LOS ANGELES In announcing his decision to forgo a senior season at UCLA and remain in the NBA draft, Luc Richard Mbah a Moute acknowledged there is no guarantee he will be selected and is unsure of what is ahead.
"There's obviously a gamble," he said.
But between weekend workouts with the Portland Trail Blazers and Seattle SuperSonics, and before trips to Detroit and Boston, the former Bruins' forward said there also was risk in returning to UCLA.
Mbah a Moute said coming back for another season and likely playing power forward, when projected as a small forward in the NBA, would limit his opportunities to prove that he can be productive at the offensive end given the many questions he drags into the draft.
"I felt like going back to UCLA, the thing I have been criticized for, I was still going to be criticized for because I was not going to be able to play at the three (position)," he said. "I was not going to be able to convince people at the next level, who are questioning me at the three.
"That was the main thing, what's been said (about his proficiency at the offensive end). The other thing, the thing that was big in the UCLA balance, was my degree. Coming back to UCLA, I would have had a chance to get my degree. But what made me make my decision is I only have five classes left, so
I felt like why go back for another year just to finish five classes? I can leave right now and finish those classes later on, this summer or next summer."
The 6-foot-7 forward will be attractive to some NBA teams because of his strong defensive play and his ability to defend 2-pointers and 3-pointers on the perimeter. Portland, which kept Mbah a Moute for two days, is said to be in need of a perimeter defender. He also has worked out for Chicago,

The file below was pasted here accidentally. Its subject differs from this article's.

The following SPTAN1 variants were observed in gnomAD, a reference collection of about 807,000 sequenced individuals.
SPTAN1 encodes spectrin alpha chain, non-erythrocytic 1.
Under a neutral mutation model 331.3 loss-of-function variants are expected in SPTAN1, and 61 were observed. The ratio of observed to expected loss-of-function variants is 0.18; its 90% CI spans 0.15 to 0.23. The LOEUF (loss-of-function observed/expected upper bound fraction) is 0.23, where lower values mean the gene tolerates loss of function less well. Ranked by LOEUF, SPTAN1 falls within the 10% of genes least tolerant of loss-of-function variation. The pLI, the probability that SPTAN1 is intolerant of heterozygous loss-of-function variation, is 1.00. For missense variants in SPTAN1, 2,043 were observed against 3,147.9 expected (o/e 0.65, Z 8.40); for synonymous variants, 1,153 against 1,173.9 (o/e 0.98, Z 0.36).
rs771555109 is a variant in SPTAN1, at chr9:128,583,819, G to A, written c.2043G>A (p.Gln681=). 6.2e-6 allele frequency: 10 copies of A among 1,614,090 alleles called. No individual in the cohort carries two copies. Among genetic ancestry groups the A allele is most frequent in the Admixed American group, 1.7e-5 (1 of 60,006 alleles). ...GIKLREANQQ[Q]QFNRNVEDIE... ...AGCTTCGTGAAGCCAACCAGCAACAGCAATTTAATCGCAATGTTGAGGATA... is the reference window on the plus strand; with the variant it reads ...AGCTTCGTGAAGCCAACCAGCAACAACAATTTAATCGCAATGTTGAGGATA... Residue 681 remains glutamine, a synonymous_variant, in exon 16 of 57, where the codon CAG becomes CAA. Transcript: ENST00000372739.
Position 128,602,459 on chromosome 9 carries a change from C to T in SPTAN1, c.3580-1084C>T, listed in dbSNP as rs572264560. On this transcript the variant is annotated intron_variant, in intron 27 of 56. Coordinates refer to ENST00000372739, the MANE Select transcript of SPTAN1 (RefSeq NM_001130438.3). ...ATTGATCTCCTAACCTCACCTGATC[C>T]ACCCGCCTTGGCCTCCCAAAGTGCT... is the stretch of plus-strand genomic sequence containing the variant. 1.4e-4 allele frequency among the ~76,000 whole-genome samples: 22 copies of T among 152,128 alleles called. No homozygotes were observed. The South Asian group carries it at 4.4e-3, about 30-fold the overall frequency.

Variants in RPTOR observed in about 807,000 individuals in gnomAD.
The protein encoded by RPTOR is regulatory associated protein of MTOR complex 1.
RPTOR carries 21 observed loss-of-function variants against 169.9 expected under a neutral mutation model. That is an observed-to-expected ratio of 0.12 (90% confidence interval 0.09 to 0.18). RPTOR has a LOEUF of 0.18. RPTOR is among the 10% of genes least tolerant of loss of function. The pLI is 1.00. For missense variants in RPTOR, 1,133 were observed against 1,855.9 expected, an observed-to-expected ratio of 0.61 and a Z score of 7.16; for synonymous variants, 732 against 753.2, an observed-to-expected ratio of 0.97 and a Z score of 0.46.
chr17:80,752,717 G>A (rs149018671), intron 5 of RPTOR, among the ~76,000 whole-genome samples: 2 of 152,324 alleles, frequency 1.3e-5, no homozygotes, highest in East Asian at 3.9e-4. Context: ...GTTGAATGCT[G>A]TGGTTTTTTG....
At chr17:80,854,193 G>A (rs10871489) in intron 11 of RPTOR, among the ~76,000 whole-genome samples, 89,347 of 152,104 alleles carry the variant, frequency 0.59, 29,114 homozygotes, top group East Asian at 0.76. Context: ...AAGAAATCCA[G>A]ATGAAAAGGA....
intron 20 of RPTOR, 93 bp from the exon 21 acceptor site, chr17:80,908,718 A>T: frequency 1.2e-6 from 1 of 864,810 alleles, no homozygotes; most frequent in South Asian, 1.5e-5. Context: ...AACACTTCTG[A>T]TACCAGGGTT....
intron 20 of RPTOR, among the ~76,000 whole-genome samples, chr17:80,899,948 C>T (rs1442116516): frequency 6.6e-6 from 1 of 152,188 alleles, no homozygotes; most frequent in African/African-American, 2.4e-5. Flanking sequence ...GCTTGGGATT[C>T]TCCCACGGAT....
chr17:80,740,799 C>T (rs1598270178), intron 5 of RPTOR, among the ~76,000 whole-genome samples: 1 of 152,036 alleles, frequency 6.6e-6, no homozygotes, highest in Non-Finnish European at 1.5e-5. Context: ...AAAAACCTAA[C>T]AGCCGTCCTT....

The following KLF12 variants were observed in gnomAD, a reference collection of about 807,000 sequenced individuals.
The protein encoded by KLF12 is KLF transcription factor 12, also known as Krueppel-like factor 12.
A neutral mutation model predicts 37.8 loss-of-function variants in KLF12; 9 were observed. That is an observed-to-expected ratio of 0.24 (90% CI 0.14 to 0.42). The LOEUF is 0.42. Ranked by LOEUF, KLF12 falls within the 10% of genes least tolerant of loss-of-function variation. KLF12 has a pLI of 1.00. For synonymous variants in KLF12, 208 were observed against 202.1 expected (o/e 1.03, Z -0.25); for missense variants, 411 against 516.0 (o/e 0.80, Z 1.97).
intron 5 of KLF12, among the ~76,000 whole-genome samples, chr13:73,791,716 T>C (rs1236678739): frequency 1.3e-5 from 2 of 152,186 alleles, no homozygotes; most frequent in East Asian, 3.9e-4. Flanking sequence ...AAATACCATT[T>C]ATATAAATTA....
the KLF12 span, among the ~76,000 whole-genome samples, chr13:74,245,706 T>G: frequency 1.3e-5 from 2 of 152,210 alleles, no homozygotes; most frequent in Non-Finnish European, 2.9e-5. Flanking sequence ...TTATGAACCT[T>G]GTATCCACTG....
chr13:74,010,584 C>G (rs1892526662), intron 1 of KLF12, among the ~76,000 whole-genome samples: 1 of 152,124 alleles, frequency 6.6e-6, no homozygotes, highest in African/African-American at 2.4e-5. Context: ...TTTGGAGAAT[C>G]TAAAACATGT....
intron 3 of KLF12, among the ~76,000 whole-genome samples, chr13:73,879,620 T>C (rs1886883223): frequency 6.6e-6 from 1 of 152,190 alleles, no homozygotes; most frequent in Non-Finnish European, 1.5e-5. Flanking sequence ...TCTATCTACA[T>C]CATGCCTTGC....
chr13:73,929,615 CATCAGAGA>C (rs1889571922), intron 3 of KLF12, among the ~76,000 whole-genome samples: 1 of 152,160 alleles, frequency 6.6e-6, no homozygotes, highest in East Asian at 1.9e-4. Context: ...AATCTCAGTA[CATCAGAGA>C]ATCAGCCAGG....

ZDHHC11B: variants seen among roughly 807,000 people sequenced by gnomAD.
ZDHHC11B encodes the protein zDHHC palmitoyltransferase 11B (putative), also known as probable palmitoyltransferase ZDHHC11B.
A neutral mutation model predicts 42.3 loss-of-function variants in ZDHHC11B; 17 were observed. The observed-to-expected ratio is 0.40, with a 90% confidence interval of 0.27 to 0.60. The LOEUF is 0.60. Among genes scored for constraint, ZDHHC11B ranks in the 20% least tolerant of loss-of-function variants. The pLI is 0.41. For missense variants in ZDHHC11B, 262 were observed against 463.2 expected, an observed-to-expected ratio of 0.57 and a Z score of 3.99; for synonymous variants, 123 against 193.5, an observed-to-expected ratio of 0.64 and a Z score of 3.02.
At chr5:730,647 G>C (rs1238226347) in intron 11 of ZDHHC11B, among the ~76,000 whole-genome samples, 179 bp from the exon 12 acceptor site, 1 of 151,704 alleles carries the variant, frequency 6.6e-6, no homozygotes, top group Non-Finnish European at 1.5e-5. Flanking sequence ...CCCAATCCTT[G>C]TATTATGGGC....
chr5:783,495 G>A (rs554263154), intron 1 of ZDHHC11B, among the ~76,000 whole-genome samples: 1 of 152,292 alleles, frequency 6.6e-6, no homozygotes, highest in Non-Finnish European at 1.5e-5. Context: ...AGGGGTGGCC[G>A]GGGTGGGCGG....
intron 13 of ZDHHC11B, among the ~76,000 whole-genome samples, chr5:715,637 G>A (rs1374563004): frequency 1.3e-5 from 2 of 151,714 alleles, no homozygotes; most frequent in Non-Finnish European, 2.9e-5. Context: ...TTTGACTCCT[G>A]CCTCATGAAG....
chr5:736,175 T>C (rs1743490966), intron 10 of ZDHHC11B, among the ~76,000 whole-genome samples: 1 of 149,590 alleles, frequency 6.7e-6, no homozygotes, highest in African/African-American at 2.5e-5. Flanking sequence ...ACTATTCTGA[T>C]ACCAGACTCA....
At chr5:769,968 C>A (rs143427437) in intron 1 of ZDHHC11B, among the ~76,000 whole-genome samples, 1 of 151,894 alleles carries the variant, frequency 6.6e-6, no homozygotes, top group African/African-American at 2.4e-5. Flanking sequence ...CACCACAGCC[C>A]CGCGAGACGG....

Milwaukee, Charlotte and Dallas. But the knock on Mbah a Moute is at the offensive end and not limited to an inconsistent jump shot.
Mbah a Moute lacks dribble penetration moves and is limited when trying to post up defenders. In his freshman year he scored the majority of his points off a team-high 8.2 offensive rebounds per game and by working his way into gaps around the basket, taking advantage of defensive lapses.
Since then his shooting percentage has dipped every year, going from 53.8 percent to 49.2 percent as a sophomore and 47.8 percent last season.
At the 3-point line, he hit 21.5 percent of his shots in his UCLA career. Last season, he made 20 percent of his shots from behind the arc.
Even with an open look, there were times that Mbah a Moute would miss.
"I have to get better on my shot, because that's what going to get me to the next level, what's going to make me a better player," he said.
He has tried to work his way through those shooting woes and convince NBA scouts and executives that he can continue to improve given opportunity. That has been Mbah a Moute's focus since the
Bruins lost in the Final Four for the third consecutive time, this year to Memphis in a national semifinal at the Alamodome in San Antonio.
He has put up 600 or 700 shots a day, split between two workout sessions.
"That just helps build your confidence, once you put in all that work in," Mbah a Moute said. "I just shoot the ball a lot better. My whole thing, it's just confidence.
"Some of those shots I was taking during the season, I was not confident on my shot. Some of those shots I was taking, I was kind of like doubting myself why am I taking this shot? This offseason, I just feel more confident."